These are usually used to promote sport in certain countries.
The IOC can allocate these to players of repute who fail to qualify.
But either the national federation or the national Olympic body has first to apply for a wild card entry.
That, unfortunately in Kom’s case, has not yet occurred.
The DNA listed the criteria for Invitation Places as follows:
“National Olympic Committee (NOC) priority: based on NOC preferences, as specified in the applications submitted
International Federation (IF) priority; based on the assessment of the athletes’ technical level and sporting merit during the qualification period
International Olympic Commission (IOC) priority; based on various principles in relation to the objectives of the commission, including:
NOC and athlete eligibility
Technical level to compete safely and with dignity
Olympic scholarships for athletes”
All this while the IOA’s first choice as Goodwill Ambassador, Salman Khan, steals the limelight with his ill-timed and ill-advised remark comparing his bodily aches post the intense workouts he endured shooting for his upcoming film ‘Sultan’ to those of a ‘raped woman’.
How much better it would have been had Salman Khan spoken a few words highlighting the travails that Indian sports persons undergo merely to participate in an Olympics.
That’s what ambassadors are for, that’s what they do.
Mary Kom’s application for a wild card entry has been rejected by AIBA. The IOC does not permit wild cards to players from nations who have eight or more representatives in a sport. India fielded eight or more boxers at the last two Games.
“Be it the Indian Premier League, football or wrestling, people watch sports for entertainment. It is the same with pro boxing; people come to see a good fight. They don’t want to see soft counter-punches. Nobody comes to watch a nice person. They want to see brutal fights and blood.”
“…pro boxing is a very lonely sport. It’s true. Sometimes you are depressed, sometimes not, but you pick yourself up. You have to remain positive and think about the future.”
Amateur and pro boxing should be separate. It is unfair that young amateur boxers would be destroyed by experienced fighters at the Olympics.”—Francis Warren.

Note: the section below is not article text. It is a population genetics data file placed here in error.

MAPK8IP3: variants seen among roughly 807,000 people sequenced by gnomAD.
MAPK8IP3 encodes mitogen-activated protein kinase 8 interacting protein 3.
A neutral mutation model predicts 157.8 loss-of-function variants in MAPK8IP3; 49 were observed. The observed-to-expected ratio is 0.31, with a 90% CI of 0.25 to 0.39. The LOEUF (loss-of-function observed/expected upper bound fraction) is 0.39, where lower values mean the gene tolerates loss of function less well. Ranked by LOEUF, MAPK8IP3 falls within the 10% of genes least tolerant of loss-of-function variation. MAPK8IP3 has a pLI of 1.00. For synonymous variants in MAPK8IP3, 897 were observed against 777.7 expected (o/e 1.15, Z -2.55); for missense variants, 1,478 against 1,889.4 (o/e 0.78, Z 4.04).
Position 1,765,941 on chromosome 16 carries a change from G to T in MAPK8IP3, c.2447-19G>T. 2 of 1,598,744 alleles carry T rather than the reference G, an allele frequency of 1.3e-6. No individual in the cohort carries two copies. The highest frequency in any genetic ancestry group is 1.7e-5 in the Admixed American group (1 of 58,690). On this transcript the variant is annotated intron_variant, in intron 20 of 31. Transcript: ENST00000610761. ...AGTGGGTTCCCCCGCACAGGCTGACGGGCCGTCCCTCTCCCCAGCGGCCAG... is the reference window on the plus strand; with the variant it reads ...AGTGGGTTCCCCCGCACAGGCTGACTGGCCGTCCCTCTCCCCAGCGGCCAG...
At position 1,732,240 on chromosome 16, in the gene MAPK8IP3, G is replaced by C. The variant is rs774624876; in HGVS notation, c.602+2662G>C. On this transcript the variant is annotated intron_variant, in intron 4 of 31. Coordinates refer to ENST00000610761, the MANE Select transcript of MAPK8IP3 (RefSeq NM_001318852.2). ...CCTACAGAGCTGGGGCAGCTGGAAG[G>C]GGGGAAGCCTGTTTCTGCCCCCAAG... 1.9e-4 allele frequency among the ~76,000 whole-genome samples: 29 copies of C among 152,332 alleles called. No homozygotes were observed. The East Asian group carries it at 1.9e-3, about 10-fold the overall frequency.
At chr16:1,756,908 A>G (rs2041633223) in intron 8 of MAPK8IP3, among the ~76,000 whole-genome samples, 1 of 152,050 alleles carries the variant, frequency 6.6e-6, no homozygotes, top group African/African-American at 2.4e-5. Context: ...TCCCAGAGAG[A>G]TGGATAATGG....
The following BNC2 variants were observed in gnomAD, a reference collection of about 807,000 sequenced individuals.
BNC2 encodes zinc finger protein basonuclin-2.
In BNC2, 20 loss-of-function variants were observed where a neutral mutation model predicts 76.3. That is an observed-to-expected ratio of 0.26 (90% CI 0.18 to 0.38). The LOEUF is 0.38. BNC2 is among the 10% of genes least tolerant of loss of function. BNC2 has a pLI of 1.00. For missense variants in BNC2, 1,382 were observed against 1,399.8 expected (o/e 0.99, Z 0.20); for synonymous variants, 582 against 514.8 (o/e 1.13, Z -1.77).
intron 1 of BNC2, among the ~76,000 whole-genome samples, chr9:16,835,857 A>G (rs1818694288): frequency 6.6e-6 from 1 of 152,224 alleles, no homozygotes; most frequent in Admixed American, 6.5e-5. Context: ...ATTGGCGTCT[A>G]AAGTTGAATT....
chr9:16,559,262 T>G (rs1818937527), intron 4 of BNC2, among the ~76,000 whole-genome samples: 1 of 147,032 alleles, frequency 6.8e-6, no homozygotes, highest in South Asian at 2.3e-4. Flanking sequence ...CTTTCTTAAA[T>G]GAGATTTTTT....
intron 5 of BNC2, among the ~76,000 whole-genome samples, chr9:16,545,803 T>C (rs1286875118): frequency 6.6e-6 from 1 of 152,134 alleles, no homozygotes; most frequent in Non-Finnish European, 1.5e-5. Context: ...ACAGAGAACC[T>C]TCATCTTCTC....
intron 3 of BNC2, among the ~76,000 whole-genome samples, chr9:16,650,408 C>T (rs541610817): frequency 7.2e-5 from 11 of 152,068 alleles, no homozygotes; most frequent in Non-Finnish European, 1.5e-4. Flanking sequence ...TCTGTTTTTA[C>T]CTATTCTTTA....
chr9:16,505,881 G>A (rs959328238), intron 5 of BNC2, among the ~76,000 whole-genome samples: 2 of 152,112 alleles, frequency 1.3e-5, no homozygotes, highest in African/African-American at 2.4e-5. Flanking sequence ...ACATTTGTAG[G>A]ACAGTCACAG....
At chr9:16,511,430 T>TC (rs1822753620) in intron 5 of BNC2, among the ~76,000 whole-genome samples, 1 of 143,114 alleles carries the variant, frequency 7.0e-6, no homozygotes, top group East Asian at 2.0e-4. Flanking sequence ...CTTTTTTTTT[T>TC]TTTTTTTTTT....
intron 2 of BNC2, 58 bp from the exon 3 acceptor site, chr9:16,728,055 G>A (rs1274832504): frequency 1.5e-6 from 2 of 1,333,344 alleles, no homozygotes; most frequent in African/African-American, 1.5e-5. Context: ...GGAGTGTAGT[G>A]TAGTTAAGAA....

Vijender Singh had given up his dreams of another Olympic medal when he turned professional last year.
The International Boxing Association did the pugilist a ‘favour‘ by approving the participation of pro boxers at the Olympics early this month. The sport was one of the last bastions of amateurism at the Games.
The ace boxer is scheduled to fight Australian Kerry Hope for the WBO Asia title in New Delhi on July 16. Pros can qualify for the Olympics by participating in a tournament to held in Venezuela in early July.
Vijender Singh blew cold and then hot when questioned whether he’s like to represent India at the Games.
When AIBA’s decision was first announced, Vijender said:
“It won’t make much difference to me. As of now, I am focused on my fight on July 16. I have been hearing about this proposal from the start of this year. It’s strange that you take a decision with such little time to go before the Olympics.
First of all I wouldn’t even know how to go about pursuing this task. I would probably have to go through a federation and no one really knows what the status of the federation in India really is. It’s really difficult to prepare for a tournament at such short notice. It will probably be the same for other professionals as well. If you are a boxer who is starting his career, or even someone who has fights lined up for the future, then it will be almost impossible to get ready in time for this tournament.
You have to understand that professional and amateur boxing are two different things. It’s not that one is better than the other, but the two are very different.
Everything changes. In the amateur you only box for three rounds while in professional, you have to fight for 10 or twelve rounds. So the kind of endurance you need is much more. In the amateur game you don’t really have to pace yourself. Even your movements are different.